Fed keeps key rate steady; an­other hike likely next month

Lodi News-Sentinel - - BUSINESS - By Jim Puzzanghera

WASH­ING­TON — Fed­eral Re­serve of­fi­cials held a key in­ter­est rate steady Thurs­day and ap­peared to stay on course for an­other hike next month de­spite crit­i­cism from Pres­i­dent Trump and a new con­cern about busi­ness spend­ing.

An­a­lysts had ex­pected the Fed to hold the tar­get of its bench­mark short-term rate at be­tween 2 per­cent and 2.25 per­cent af­ter con­clud­ing a two-day mone­tary pol­icy meet­ing this week. The rate had been inched up 0.25 of a per­cent­age point in Septem­ber, the third such hike this year.

Fed of­fi­cials voted 9-0 Thurs­day to keep the fed­eral funds rate at its cur­rent level.

In a post-meet­ing state­ment, they said that U.S. eco­nomic ac­tiv­ity “has been ris­ing at a strong rate,” the la­bor mar­ket con­tin­ues to strengthen and house­hold spend­ing is grow­ing strongly. But they added a new note of cau­tion.

Fixed busi­ness in­vest­ment “has mod­er­ated from its rapid pace ear­lier in the year,” the state­ment said. In re­cent months, Fed state­ments have noted that spend­ing was grow­ing “strongly.”

The new char­ac­ter­i­za­tion, which re­flects re­cent eco­nomic data, could in­di­cate Fed of­fi­cials are con­sid­er­ing slow­ing the pace of rate hikes if the trend con­tin­ues.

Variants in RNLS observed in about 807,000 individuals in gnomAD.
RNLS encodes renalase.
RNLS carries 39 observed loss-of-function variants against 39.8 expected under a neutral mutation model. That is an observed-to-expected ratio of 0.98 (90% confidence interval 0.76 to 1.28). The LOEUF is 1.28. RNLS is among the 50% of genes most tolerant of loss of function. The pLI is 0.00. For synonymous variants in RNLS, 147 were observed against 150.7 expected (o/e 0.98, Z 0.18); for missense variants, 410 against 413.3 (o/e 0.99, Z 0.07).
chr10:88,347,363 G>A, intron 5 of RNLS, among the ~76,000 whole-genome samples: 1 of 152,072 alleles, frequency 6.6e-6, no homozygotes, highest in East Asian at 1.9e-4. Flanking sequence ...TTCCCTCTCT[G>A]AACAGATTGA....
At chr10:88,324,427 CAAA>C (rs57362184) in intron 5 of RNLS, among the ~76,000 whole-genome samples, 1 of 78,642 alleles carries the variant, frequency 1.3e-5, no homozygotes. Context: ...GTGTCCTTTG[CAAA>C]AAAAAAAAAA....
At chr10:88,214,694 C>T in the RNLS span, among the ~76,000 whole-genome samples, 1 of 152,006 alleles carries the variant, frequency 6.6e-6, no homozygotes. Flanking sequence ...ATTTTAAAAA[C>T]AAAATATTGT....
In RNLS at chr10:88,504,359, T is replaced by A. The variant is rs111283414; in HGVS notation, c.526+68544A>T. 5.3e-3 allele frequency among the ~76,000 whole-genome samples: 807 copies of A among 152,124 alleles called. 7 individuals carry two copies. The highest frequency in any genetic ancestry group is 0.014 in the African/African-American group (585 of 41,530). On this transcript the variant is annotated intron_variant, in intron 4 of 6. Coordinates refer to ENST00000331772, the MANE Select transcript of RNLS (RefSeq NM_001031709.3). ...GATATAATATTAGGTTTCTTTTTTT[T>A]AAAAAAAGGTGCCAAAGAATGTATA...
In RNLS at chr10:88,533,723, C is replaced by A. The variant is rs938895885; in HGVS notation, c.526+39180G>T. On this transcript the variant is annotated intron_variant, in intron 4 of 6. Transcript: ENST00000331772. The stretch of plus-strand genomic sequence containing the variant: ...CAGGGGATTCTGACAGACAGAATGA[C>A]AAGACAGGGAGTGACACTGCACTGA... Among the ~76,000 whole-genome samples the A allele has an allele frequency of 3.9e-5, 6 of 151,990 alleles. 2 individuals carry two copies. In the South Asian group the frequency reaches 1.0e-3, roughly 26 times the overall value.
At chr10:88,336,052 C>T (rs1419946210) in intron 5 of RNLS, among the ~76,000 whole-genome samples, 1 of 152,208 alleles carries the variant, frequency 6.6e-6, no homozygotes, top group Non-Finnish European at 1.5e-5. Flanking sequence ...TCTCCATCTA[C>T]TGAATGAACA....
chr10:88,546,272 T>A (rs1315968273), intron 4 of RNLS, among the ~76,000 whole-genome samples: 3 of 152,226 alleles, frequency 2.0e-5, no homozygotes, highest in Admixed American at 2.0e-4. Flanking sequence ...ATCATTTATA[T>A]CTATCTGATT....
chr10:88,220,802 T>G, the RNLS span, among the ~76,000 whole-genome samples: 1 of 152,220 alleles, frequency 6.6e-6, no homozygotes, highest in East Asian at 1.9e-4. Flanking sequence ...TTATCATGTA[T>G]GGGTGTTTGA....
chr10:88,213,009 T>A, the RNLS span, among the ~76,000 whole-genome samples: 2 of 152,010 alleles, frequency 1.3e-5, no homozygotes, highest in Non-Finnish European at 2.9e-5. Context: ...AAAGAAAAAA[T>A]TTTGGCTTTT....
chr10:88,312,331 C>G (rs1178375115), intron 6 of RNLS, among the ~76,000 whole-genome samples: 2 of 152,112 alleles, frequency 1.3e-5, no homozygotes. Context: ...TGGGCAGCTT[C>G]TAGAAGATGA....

Fed of­fi­cials have in­di­cated they would en­act four small hikes this year and three more next year to push the rate over 3 per­cent, which still would be low for a ro­bust eco­nomic ex­pan­sion.

In­vestors are bet­ting the next hike will come at the cen­tral bank’s Dec. 18-19 meet­ing even though Trump has said he’s not happy that the rate has been ris­ing in the face of strong eco­nomic growth.

The Fed’s chair­man, Jerome H. Pow­ell, was hand­picked by Trump and took over in Fe­bru­ary. Fed mone­tary pol­i­cy­mak­ers ad­just the rate based on eco­nomic con­di­tions. They lower it when growth is slow to stim­u­late spend­ing and raise it when growth strength­ens to keep the econ­omy from push­ing up prices too quickly.

Trump fre­quently has crit­i­cized the in­de­pen­dent Fed as it has slowly moved up its bench­mark short-term in­ter­est rate. Pres­i­dents his­tor­i­cally have re­frained from pub­licly com­ment­ing on the Fed’s mone­tary pol­icy to avoid giv­ing in­vestors the im­pres­sion that pol­i­tics is in­flu­enc­ing in­ter­est rate de­ci­sions.

Be­fore Trump, the last time a pres­i­dent pub­licly crit­i­cized the Fed was in 1992.

Last month, Trump amped up his de­nun­ci­a­tion of the Fed, say­ing it “has gone crazy” and ac­cus­ing of­fi­cials of trig­ger­ing a fi­nan­cial mar­ket sell-off by fol­low­ing a longtele­graphed plan to slowly raise the bench­mark rate as eco­nomic con­di­tions im­proved.

An­a­lysts said that Trump’s poli­cies, such as the trade war with China, were a big­ger fac­tor in the mar­ket volatil­ity than the Fed’s ac­tions.

Eco­nomic growth slowed in the third quar­ter to an an­nual pace of 3.5 per­cent from 4.2 per­cent the pre­vi­ous quar­ter. Growth is ex­pected to slow fur­ther in the fourth quar­ter as the stim­u­lus fades from the tax cuts that took ef­fect on Jan. 1.

But the econ­omy re­mains strong enough for Fed of­fi­cials to keep rais­ing the in­ter­est rate to avoid high in­fla­tion. The Fed’s pre­ferred mea­sure for an­nual in­fla­tion, based on per­sonal con­sump­tion ex­pen­di­tures, was 2 per­cent in Septem­ber — right at the cen­tral bank’s tar­get.

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